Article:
2 Comments

Summary:

What U.S. lawmakers are hoping to do with part of the $787 billion stimulus package, organizers of this year’s Clean Tech Open want to do with a million bucks: create green jobs. Adapting their annual competition to the current economy, organizers this year are calling on […]

What U.S. lawmakers are hoping to do with part of the $787 billion stimulus package, organizers of this year’s Clean Tech Open want to do with a million bucks: create green jobs. Adapting their annual competition to the current economy, organizers this year are calling on entrepreneurs, venture capitalists, government agencies, universities and NGOs to create 100,000 green jobs in the U.S. over the next five years.

The aptly named “100K Jobs Challenge” reflects a shift in tone from last year, when the main call to arms (issued by San Jose Mayor Chuck Reed at the launch) was not to put people back to work, but “to bring to us a way to make it possible for the people of San Jose to install solar on their residences at no net cost” — all with a somewhat laughable deadline of 60 days “to figure it out.”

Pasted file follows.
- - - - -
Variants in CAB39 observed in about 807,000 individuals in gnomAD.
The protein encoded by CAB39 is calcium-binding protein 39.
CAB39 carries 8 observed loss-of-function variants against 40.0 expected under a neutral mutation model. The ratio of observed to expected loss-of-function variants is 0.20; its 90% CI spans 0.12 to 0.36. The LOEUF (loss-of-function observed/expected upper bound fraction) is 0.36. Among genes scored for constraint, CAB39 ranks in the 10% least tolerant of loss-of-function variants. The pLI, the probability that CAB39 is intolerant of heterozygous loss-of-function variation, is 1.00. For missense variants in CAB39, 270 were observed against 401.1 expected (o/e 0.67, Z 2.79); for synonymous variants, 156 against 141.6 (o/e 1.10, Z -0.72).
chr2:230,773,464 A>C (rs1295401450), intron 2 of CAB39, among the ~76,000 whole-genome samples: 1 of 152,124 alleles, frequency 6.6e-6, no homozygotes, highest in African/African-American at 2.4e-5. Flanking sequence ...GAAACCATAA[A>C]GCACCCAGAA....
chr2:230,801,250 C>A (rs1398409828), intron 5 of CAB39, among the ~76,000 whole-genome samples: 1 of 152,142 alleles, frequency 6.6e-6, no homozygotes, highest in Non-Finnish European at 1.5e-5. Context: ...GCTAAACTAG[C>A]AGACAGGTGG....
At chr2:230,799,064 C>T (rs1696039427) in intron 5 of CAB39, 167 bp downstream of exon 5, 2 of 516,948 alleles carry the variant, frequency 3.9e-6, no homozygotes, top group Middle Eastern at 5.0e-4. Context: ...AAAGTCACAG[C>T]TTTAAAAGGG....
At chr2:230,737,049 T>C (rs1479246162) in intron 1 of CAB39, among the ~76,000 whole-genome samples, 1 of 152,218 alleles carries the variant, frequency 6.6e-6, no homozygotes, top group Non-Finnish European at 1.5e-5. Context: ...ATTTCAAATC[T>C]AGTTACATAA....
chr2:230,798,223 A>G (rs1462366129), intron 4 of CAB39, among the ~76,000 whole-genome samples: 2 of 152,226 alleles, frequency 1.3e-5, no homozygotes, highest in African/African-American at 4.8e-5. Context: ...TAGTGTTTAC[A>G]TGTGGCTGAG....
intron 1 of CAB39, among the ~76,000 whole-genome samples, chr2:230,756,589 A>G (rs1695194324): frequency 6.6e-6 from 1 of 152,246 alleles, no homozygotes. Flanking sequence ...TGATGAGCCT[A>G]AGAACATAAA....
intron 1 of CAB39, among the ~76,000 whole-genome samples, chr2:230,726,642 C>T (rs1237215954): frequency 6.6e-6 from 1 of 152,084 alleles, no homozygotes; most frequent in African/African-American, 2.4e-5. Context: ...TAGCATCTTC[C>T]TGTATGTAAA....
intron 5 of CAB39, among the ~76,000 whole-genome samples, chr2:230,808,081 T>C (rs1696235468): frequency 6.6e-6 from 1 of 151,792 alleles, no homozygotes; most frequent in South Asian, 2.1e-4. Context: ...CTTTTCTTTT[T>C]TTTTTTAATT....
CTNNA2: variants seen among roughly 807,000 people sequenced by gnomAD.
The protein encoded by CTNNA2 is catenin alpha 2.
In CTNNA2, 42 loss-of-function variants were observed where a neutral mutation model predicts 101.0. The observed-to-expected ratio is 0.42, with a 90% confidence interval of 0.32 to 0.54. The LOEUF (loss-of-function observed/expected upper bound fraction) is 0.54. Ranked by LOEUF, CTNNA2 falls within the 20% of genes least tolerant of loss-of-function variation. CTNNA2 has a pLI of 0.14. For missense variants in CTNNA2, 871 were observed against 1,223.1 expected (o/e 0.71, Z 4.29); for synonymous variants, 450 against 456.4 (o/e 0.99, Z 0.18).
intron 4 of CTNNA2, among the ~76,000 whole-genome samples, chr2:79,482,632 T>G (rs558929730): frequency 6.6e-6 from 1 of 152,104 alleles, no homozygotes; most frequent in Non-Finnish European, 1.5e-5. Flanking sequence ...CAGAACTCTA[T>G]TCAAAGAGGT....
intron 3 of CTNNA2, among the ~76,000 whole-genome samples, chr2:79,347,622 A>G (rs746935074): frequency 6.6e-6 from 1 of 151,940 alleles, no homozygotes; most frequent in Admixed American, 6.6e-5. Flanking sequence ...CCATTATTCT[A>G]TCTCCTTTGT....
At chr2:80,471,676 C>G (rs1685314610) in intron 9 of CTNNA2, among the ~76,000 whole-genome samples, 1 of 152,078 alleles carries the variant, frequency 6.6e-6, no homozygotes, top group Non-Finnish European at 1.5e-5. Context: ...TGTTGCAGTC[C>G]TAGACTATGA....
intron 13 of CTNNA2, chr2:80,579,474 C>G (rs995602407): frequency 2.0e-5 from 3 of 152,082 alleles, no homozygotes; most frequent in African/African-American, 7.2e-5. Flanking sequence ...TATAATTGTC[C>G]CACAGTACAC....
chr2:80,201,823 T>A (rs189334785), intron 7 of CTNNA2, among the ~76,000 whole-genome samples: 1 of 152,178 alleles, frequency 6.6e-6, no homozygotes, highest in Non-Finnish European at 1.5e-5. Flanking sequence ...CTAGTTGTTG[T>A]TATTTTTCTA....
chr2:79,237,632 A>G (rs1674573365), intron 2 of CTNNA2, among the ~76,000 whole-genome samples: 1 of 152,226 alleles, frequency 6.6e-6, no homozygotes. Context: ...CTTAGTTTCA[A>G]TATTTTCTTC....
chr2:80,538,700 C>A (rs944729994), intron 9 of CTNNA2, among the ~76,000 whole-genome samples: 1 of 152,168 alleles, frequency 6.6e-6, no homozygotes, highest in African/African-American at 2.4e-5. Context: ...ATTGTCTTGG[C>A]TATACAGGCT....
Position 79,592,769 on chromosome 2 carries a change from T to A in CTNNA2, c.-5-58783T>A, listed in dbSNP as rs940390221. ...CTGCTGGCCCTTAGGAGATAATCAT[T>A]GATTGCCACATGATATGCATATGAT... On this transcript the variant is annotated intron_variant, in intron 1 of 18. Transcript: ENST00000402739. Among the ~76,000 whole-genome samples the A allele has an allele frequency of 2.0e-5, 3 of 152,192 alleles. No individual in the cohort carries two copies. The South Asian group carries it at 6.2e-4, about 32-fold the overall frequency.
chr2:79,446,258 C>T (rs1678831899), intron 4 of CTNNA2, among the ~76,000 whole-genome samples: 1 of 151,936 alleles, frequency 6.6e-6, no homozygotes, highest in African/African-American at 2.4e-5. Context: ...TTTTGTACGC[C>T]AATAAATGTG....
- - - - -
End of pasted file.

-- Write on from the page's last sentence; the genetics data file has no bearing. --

As in past years, cash prizes and services (a “startup-in-a-box”) are at stake in the Clean Tech Open. More than $1 million worth of prizes will be divvied up among a dozen U.S. startups in the business plan competition, open for the first time to entrepreneurs based outside of California.

Clean Tech Open organizers expect first-time entrepreneurs to play a key role in creating new jobs in clean energy, energy efficiency, green building and air, water and waste management businesses — a group of potential employers often sidelined in the national conversation about green jobs creation. Green-collar job training programs, like those unveiled by Gov. Arnold Schwarzenegger of California earlier this week, tend to focus more on things like solar panel installations and sheet metal manufacturing for wind turbines than on entrepreneurship.

Michael Santullo, cofounder of the Clean Tech Open, sees an opportunity there. “Entrepreneurs are the key to re-building the nation’s economy,” he said in the announcement today, adding that many of the participants tend to be first-time entrepreneurs. “They have a great idea, but could really use some assistance.” With today’s slowing flow of venture capital and debt financing? No kidding.

If you want to compete, you should know about these submission deadlines — they’re coming up fast:

cleantechopen-deadlines

  1. [...] Here is the original: The Other (Cheaper) Green Jobs Catalyst: Entrepreneurs & $1M Bait [...]

    Share
  2. [...] for those of you that just missed the final submission deadline for the million-dollar-plus Clean Tech Open competition — or who applied for that one and want to hedge your bets — you might be able to [...]

    Share

Comments have been disabled for this post